President Joe Biden sought to distance himself and Democratic policies from stubbornly high consumer prices, saying while his party is in power, it does not control Congress.
“I think our policies help, not hurt," Biden told reporters Tuesday at the White House. "Economists think that this is going to be a real tough problem to solve, but it's not because of spending. We brought down the deficit."
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Alluding to Democrats' slim Senate majority, he provided a muddled message on his party not monopolizing Capitol Hill power, preventing his preferred measures from passing.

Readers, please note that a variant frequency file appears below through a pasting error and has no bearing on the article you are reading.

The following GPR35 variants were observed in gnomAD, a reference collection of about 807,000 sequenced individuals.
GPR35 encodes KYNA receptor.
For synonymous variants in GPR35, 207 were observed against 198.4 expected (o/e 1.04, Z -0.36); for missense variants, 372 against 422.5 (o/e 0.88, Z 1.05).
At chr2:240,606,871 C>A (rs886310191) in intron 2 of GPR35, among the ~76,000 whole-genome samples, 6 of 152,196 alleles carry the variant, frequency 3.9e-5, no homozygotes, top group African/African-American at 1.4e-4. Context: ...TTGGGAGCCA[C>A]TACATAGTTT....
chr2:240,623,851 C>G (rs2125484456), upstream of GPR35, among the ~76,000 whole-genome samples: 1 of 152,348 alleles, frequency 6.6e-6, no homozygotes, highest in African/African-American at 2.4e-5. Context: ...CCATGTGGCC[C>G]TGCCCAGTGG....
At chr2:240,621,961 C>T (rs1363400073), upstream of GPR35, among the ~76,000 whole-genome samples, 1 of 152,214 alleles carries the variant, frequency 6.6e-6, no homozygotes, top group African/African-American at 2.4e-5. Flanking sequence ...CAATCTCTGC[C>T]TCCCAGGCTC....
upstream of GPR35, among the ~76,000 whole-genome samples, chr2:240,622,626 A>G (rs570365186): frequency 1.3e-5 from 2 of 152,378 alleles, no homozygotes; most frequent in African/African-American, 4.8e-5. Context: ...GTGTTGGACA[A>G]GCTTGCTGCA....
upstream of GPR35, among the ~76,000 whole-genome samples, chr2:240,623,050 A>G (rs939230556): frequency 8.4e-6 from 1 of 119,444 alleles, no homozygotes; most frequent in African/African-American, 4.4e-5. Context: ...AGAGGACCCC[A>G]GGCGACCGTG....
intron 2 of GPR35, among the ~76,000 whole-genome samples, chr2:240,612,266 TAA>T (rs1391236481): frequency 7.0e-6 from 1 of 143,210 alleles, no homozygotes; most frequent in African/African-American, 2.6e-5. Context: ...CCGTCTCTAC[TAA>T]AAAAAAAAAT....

"You're justifiably right: We control all three branches of the government. Well, we don't really. We have a 50-50 Senate. You need 60 votes to get things done," he said. Democrats only control the Senate due to Vice President Kamala Harris's tiebreaking vote.
When needled on how long the public should expect to experience elevated prices, Biden was adamant he was "not going to predict that." Earlier in his inflation-focused remarks, he tried to convey he understood the public's concerns.
"I know you guys are frustrated. I know. I can taste it," he said.
Biden was later asked to clarify his position on abortion restrictions after a draft opinion leaked last week indicated the Supreme Court is preparing to overturn Roe v. Wade, but he declined to respond to shouted questions from reporters on the issue.
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"I want this story to be about inflation," he said.